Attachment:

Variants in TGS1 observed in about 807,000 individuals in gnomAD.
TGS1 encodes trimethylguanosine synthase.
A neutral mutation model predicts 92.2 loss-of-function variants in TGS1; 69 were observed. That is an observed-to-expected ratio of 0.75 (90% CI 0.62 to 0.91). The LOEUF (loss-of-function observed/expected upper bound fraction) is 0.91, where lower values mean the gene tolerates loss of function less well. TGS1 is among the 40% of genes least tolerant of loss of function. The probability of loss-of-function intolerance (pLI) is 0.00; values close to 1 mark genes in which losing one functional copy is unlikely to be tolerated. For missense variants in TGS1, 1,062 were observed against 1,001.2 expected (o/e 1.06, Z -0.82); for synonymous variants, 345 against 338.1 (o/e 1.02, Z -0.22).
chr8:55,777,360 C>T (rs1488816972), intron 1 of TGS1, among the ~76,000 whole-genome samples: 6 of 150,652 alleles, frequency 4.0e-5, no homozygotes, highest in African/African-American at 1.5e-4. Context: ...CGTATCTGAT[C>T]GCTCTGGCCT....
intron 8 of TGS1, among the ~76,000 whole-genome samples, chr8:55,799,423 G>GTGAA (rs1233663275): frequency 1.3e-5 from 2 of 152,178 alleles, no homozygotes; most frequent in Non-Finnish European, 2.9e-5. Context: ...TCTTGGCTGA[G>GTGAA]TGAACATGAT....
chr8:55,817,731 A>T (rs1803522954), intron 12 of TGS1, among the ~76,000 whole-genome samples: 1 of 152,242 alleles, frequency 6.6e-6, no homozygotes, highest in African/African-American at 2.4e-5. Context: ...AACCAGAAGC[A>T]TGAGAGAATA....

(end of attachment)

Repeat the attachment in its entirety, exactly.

Variants in TGS1 observed in about 807,000 individuals in gnomAD.
TGS1 encodes trimethylguanosine synthase.
A neutral mutation model predicts 92.2 loss-of-function variants in TGS1; 69 were observed. That is an observed-to-expected ratio of 0.75 (90% CI 0.62 to 0.91). The LOEUF (loss-of-function observed/expected upper bound fraction) is 0.91, where lower values mean the gene tolerates loss of function less well. TGS1 is among the 40% of genes least tolerant of loss of function. The probability of loss-of-function intolerance (pLI) is 0.00; values close to 1 mark genes in which losing one functional copy is unlikely to be tolerated. For missense variants in TGS1, 1,062 were observed against 1,001.2 expected (o/e 1.06, Z -0.82); for synonymous variants, 345 against 338.1 (o/e 1.02, Z -0.22).
chr8:55,777,360 C>T (rs1488816972), intron 1 of TGS1, among the ~76,000 whole-genome samples: 6 of 150,652 alleles, frequency 4.0e-5, no homozygotes, highest in African/African-American at 1.5e-4. Context: ...CGTATCTGAT[C>T]GCTCTGGCCT....
intron 8 of TGS1, among the ~76,000 whole-genome samples, chr8:55,799,423 G>GTGAA (rs1233663275): frequency 1.3e-5 from 2 of 152,178 alleles, no homozygotes; most frequent in Non-Finnish European, 2.9e-5. Context: ...TCTTGGCTGA[G>GTGAA]TGAACATGAT....
chr8:55,817,731 A>T (rs1803522954), intron 12 of TGS1, among the ~76,000 whole-genome samples: 1 of 152,242 alleles, frequency 6.6e-6, no homozygotes, highest in African/African-American at 2.4e-5. Context: ...AACCAGAAGC[A>T]TGAGAGAATA....